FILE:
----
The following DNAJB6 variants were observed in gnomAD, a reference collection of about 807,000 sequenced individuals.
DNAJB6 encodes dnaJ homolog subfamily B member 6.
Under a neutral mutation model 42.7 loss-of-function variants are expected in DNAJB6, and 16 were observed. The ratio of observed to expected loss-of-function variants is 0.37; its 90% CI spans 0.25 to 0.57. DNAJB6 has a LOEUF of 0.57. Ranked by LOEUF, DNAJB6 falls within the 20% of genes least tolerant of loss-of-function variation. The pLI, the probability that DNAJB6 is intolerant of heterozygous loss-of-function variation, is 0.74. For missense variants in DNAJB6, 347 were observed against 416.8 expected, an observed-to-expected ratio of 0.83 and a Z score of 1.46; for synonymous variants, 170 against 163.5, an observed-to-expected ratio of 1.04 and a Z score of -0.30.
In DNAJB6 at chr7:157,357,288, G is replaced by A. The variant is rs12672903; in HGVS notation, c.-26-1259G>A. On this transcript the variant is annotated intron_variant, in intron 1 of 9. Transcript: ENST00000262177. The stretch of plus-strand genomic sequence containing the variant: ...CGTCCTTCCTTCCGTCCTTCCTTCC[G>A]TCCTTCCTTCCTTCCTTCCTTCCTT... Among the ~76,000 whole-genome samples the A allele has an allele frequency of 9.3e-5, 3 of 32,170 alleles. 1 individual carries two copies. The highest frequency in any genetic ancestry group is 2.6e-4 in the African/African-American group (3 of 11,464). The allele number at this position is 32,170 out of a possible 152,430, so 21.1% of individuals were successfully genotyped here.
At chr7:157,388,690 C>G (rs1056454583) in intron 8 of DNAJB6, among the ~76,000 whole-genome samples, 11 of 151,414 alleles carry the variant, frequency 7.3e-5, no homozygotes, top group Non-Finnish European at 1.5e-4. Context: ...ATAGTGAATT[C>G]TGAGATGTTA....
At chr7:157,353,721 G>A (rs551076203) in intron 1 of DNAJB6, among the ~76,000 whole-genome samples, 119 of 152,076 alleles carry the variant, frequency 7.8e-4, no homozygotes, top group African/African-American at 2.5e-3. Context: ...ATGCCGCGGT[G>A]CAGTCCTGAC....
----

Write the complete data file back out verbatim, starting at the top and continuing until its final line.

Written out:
The following DNAJB6 variants were observed in gnomAD, a reference collection of about 807,000 sequenced individuals.
DNAJB6 encodes dnaJ homolog subfamily B member 6.
Under a neutral mutation model 42.7 loss-of-function variants are expected in DNAJB6, and 16 were observed. The ratio of observed to expected loss-of-function variants is 0.37; its 90% CI spans 0.25 to 0.57. DNAJB6 has a LOEUF of 0.57. Ranked by LOEUF, DNAJB6 falls within the 20% of genes least tolerant of loss-of-function variation. The pLI, the probability that DNAJB6 is intolerant of heterozygous loss-of-function variation, is 0.74. For missense variants in DNAJB6, 347 were observed against 416.8 expected, an observed-to-expected ratio of 0.83 and a Z score of 1.46; for synonymous variants, 170 against 163.5, an observed-to-expected ratio of 1.04 and a Z score of -0.30.
In DNAJB6 at chr7:157,357,288, G is replaced by A. The variant is rs12672903; in HGVS notation, c.-26-1259G>A. On this transcript the variant is annotated intron_variant, in intron 1 of 9. Transcript: ENST00000262177. The stretch of plus-strand genomic sequence containing the variant: ...CGTCCTTCCTTCCGTCCTTCCTTCC[G>A]TCCTTCCTTCCTTCCTTCCTTCCTT... Among the ~76,000 whole-genome samples the A allele has an allele frequency of 9.3e-5, 3 of 32,170 alleles. 1 individual carries two copies. The highest frequency in any genetic ancestry group is 2.6e-4 in the African/African-American group (3 of 11,464). The allele number at this position is 32,170 out of a possible 152,430, so 21.1% of individuals were successfully genotyped here.
At chr7:157,388,690 C>G (rs1056454583) in intron 8 of DNAJB6, among the ~76,000 whole-genome samples, 11 of 151,414 alleles carry the variant, frequency 7.3e-5, no homozygotes, top group Non-Finnish European at 1.5e-4. Context: ...ATAGTGAATT[C>G]TGAGATGTTA....
At chr7:157,353,721 G>A (rs551076203) in intron 1 of DNAJB6, among the ~76,000 whole-genome samples, 119 of 152,076 alleles carry the variant, frequency 7.8e-4, no homozygotes, top group African/African-American at 2.5e-3. Context: ...ATGCCGCGGT[G>A]CAGTCCTGAC....